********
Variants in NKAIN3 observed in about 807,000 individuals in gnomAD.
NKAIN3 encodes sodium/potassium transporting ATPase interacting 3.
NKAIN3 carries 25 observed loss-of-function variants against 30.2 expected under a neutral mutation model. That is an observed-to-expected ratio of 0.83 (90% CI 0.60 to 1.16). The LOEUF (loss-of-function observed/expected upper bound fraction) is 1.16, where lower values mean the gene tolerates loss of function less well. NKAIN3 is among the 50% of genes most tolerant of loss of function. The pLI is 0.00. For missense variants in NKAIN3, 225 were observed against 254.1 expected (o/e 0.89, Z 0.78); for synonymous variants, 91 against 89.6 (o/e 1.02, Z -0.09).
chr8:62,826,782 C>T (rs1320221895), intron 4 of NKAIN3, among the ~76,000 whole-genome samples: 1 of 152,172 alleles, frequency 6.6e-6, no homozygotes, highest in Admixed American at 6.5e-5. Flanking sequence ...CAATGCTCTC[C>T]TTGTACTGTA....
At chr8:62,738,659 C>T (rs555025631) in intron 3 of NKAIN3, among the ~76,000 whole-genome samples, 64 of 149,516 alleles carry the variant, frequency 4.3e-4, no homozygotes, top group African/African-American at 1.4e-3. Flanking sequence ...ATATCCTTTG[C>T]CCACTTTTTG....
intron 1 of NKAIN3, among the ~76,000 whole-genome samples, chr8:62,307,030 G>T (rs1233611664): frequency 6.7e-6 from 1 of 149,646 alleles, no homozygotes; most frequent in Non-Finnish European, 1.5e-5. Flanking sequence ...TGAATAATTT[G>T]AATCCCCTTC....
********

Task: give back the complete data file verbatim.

Variants in NKAIN3 observed in about 807,000 individuals in gnomAD.
NKAIN3 encodes sodium/potassium transporting ATPase interacting 3.
NKAIN3 carries 25 observed loss-of-function variants against 30.2 expected under a neutral mutation model. That is an observed-to-expected ratio of 0.83 (90% CI 0.60 to 1.16). The LOEUF (loss-of-function observed/expected upper bound fraction) is 1.16, where lower values mean the gene tolerates loss of function less well. NKAIN3 is among the 50% of genes most tolerant of loss of function. The pLI is 0.00. For missense variants in NKAIN3, 225 were observed against 254.1 expected (o/e 0.89, Z 0.78); for synonymous variants, 91 against 89.6 (o/e 1.02, Z -0.09).
chr8:62,826,782 C>T (rs1320221895), intron 4 of NKAIN3, among the ~76,000 whole-genome samples: 1 of 152,172 alleles, frequency 6.6e-6, no homozygotes, highest in Admixed American at 6.5e-5. Flanking sequence ...CAATGCTCTC[C>T]TTGTACTGTA....
At chr8:62,738,659 C>T (rs555025631) in intron 3 of NKAIN3, among the ~76,000 whole-genome samples, 64 of 149,516 alleles carry the variant, frequency 4.3e-4, no homozygotes, top group African/African-American at 1.4e-3. Flanking sequence ...ATATCCTTTG[C>T]CCACTTTTTG....
intron 1 of NKAIN3, among the ~76,000 whole-genome samples, chr8:62,307,030 G>T (rs1233611664): frequency 6.7e-6 from 1 of 149,646 alleles, no homozygotes; most frequent in Non-Finnish European, 1.5e-5. Flanking sequence ...TGAATAATTT[G>T]AATCCCCTTC....